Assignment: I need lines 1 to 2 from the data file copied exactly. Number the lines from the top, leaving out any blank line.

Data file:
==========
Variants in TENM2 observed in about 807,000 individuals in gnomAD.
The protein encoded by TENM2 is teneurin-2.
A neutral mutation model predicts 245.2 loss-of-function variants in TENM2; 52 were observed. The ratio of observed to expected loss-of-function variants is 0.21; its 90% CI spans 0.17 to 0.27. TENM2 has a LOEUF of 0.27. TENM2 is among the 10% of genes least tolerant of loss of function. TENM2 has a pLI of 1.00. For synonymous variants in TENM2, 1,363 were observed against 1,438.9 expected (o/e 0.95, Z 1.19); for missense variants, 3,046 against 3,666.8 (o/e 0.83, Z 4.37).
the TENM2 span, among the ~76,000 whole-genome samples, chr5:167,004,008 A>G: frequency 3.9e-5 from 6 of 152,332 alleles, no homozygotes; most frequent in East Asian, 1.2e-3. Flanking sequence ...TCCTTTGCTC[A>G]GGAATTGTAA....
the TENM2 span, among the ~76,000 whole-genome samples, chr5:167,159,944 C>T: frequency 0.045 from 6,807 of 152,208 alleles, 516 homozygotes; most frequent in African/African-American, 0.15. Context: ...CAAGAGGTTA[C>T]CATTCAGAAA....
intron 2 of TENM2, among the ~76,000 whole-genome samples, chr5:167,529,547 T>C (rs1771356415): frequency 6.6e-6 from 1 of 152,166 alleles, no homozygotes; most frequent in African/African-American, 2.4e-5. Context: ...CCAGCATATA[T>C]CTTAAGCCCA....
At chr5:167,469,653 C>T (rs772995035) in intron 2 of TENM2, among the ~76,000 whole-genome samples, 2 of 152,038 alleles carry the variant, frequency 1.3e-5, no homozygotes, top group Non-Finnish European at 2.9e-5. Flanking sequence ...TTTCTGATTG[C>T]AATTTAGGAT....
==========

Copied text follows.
Variants in TENM2 observed in about 807,000 individuals in gnomAD.
The protein encoded by TENM2 is teneurin-2.